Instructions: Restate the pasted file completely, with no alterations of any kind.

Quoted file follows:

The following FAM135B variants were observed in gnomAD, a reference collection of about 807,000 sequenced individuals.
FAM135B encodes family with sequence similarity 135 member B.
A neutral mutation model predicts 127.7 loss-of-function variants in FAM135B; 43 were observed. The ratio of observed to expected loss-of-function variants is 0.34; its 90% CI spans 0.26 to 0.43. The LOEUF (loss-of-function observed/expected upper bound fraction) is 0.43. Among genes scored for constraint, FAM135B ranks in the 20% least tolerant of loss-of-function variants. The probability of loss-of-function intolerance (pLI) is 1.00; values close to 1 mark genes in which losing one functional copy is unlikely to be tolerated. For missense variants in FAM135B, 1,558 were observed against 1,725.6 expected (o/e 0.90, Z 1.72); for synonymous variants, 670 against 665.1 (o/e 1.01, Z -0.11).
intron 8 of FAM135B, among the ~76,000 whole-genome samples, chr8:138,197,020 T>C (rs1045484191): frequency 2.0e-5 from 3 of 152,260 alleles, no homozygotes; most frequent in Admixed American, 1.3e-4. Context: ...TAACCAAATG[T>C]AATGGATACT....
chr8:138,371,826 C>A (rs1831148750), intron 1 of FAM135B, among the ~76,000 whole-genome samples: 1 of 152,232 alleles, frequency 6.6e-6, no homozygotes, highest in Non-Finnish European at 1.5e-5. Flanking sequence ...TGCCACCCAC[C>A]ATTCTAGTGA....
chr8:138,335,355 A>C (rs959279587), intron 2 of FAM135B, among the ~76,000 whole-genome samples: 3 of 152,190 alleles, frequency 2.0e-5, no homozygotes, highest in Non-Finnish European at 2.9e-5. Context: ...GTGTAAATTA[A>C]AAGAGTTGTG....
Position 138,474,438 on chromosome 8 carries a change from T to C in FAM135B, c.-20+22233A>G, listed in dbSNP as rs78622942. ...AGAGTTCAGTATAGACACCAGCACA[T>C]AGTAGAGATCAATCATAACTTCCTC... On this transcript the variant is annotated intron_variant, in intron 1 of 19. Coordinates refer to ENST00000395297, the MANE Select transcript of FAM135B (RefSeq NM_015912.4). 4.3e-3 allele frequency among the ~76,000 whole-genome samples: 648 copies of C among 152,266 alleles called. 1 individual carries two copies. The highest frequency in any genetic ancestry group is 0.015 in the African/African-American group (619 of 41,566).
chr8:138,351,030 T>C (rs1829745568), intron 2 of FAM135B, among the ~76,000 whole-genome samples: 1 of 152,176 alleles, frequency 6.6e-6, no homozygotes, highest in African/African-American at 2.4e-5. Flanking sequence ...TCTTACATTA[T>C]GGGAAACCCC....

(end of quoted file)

The following FAM135B variants were observed in gnomAD, a reference collection of about 807,000 sequenced individuals.
FAM135B encodes family with sequence similarity 135 member B.
A neutral mutation model predicts 127.7 loss-of-function variants in FAM135B; 43 were observed. The ratio of observed to expected loss-of-function variants is 0.34; its 90% CI spans 0.26 to 0.43. The LOEUF (loss-of-function observed/expected upper bound fraction) is 0.43. Among genes scored for constraint, FAM135B ranks in the 20% least tolerant of loss-of-function variants. The probability of loss-of-function intolerance (pLI) is 1.00; values close to 1 mark genes in which losing one functional copy is unlikely to be tolerated. For missense variants in FAM135B, 1,558 were observed against 1,725.6 expected (o/e 0.90, Z 1.72); for synonymous variants, 670 against 665.1 (o/e 1.01, Z -0.11).
intron 8 of FAM135B, among the ~76,000 whole-genome samples, chr8:138,197,020 T>C (rs1045484191): frequency 2.0e-5 from 3 of 152,260 alleles, no homozygotes; most frequent in Admixed American, 1.3e-4. Context: ...TAACCAAATG[T>C]AATGGATACT....
chr8:138,371,826 C>A (rs1831148750), intron 1 of FAM135B, among the ~76,000 whole-genome samples: 1 of 152,232 alleles, frequency 6.6e-6, no homozygotes, highest in Non-Finnish European at 1.5e-5. Flanking sequence ...TGCCACCCAC[C>A]ATTCTAGTGA....
chr8:138,335,355 A>C (rs959279587), intron 2 of FAM135B, among the ~76,000 whole-genome samples: 3 of 152,190 alleles, frequency 2.0e-5, no homozygotes, highest in Non-Finnish European at 2.9e-5. Context: ...GTGTAAATTA[A>C]AAGAGTTGTG....
Position 138,474,438 on chromosome 8 carries a change from T to C in FAM135B, c.-20+22233A>G, listed in dbSNP as rs78622942. ...AGAGTTCAGTATAGACACCAGCACA[T>C]AGTAGAGATCAATCATAACTTCCTC... On this transcript the variant is annotated intron_variant, in intron 1 of 19. Coordinates refer to ENST00000395297, the MANE Select transcript of FAM135B (RefSeq NM_015912.4). 4.3e-3 allele frequency among the ~76,000 whole-genome samples: 648 copies of C among 152,266 alleles called. 1 individual carries two copies. The highest frequency in any genetic ancestry group is 0.015 in the African/African-American group (619 of 41,566).
chr8:138,351,030 T>C (rs1829745568), intron 2 of FAM135B, among the ~76,000 whole-genome samples: 1 of 152,176 alleles, frequency 6.6e-6, no homozygotes, highest in African/African-American at 2.4e-5. Flanking sequence ...TCTTACATTA[T>C]GGGAAACCCC....